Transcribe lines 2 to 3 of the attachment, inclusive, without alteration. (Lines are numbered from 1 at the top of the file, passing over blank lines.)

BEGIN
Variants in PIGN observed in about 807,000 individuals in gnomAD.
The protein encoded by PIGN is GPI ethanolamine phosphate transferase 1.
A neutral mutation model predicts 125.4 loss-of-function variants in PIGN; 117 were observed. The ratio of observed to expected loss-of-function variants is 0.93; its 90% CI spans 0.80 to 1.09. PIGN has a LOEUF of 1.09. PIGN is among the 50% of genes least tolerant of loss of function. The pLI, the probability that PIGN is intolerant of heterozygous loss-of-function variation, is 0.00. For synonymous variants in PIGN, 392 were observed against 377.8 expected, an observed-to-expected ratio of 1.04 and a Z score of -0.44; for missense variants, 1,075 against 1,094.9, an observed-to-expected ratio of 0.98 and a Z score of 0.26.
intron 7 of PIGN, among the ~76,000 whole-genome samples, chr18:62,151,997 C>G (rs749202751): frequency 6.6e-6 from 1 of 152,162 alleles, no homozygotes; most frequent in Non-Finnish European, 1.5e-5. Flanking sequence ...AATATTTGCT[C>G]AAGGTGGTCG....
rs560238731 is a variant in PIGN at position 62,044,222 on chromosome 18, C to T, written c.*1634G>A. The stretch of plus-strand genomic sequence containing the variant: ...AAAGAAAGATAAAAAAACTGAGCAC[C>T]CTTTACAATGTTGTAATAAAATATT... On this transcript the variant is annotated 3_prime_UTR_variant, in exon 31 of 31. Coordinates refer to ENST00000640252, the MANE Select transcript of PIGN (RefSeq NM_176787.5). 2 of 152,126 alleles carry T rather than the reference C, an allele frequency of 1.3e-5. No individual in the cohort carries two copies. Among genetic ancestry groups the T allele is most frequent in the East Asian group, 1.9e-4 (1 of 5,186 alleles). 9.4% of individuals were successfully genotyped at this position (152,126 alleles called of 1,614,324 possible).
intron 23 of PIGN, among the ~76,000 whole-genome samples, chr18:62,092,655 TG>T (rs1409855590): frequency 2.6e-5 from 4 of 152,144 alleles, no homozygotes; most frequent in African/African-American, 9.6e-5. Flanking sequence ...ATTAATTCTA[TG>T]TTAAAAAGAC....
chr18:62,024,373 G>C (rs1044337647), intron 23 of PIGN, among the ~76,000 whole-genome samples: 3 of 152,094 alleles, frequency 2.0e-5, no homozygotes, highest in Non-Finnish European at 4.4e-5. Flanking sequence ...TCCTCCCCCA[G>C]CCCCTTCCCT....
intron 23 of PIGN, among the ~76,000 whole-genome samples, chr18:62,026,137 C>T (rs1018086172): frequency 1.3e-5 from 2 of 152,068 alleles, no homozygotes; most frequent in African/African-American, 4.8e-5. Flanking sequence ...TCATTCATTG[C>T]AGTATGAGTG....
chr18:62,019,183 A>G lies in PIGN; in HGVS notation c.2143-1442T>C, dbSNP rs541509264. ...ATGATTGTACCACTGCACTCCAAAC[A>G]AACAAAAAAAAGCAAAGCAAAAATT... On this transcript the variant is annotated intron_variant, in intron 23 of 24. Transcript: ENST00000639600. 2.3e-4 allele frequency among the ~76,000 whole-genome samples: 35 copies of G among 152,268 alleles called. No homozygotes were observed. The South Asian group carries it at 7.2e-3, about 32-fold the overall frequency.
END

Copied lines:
The protein encoded by PIGN is GPI ethanolamine phosphate transferase 1.
A neutral mutation model predicts 125.4 loss-of-function variants in PIGN; 117 were observed. The ratio of observed to expected loss-of-function variants is 0.93; its 90% CI spans 0.80 to 1.09. PIGN has a LOEUF of 1.09. PIGN is among the 50% of genes least tolerant of loss of function. The pLI, the probability that PIGN is intolerant of heterozygous loss-of-function variation, is 0.00. For synonymous variants in PIGN, 392 were observed against 377.8 expected, an observed-to-expected ratio of 1.04 and a Z score of -0.44; for missense variants, 1,075 against 1,094.9, an observed-to-expected ratio of 0.98 and a Z score of 0.26.